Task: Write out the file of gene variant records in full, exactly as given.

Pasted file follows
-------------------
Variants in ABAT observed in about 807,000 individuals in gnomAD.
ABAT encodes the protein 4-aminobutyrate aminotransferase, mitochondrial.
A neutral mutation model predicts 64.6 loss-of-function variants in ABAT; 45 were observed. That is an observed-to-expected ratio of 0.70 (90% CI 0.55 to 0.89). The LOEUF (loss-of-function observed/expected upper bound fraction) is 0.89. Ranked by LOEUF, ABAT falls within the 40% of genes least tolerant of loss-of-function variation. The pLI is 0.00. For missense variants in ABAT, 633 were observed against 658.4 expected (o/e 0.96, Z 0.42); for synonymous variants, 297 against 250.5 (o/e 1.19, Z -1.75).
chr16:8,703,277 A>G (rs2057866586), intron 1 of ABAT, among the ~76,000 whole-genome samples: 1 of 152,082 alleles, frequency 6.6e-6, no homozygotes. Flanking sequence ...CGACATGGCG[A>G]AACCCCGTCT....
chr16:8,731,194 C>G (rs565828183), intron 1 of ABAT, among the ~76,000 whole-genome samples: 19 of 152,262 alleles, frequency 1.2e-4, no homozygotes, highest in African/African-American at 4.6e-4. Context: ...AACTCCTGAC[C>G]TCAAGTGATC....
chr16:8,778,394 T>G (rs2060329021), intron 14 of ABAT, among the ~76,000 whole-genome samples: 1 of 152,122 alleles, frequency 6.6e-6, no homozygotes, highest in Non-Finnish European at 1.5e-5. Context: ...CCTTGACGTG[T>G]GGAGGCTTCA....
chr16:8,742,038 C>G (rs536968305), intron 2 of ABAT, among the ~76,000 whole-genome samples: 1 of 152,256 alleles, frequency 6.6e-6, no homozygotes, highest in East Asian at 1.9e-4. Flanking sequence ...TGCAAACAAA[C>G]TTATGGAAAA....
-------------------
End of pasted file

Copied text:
Variants in ABAT observed in about 807,000 individuals in gnomAD.
ABAT encodes the protein 4-aminobutyrate aminotransferase, mitochondrial.
A neutral mutation model predicts 64.6 loss-of-function variants in ABAT; 45 were observed. That is an observed-to-expected ratio of 0.70 (90% CI 0.55 to 0.89). The LOEUF (loss-of-function observed/expected upper bound fraction) is 0.89. Ranked by LOEUF, ABAT falls within the 40% of genes least tolerant of loss-of-function variation. The pLI is 0.00. For missense variants in ABAT, 633 were observed against 658.4 expected (o/e 0.96, Z 0.42); for synonymous variants, 297 against 250.5 (o/e 1.19, Z -1.75).
chr16:8,703,277 A>G (rs2057866586), intron 1 of ABAT, among the ~76,000 whole-genome samples: 1 of 152,082 alleles, frequency 6.6e-6, no homozygotes. Flanking sequence ...CGACATGGCG[A>G]AACCCCGTCT....
chr16:8,731,194 C>G (rs565828183), intron 1 of ABAT, among the ~76,000 whole-genome samples: 19 of 152,262 alleles, frequency 1.2e-4, no homozygotes, highest in African/African-American at 4.6e-4. Context: ...AACTCCTGAC[C>G]TCAAGTGATC....
chr16:8,778,394 T>G (rs2060329021), intron 14 of ABAT, among the ~76,000 whole-genome samples: 1 of 152,122 alleles, frequency 6.6e-6, no homozygotes, highest in Non-Finnish European at 1.5e-5. Context: ...CCTTGACGTG[T>G]GGAGGCTTCA....
chr16:8,742,038 C>G (rs536968305), intron 2 of ABAT, among the ~76,000 whole-genome samples: 1 of 152,256 alleles, frequency 6.6e-6, no homozygotes, highest in East Asian at 1.9e-4. Flanking sequence ...TGCAAACAAA[C>G]TTATGGAAAA....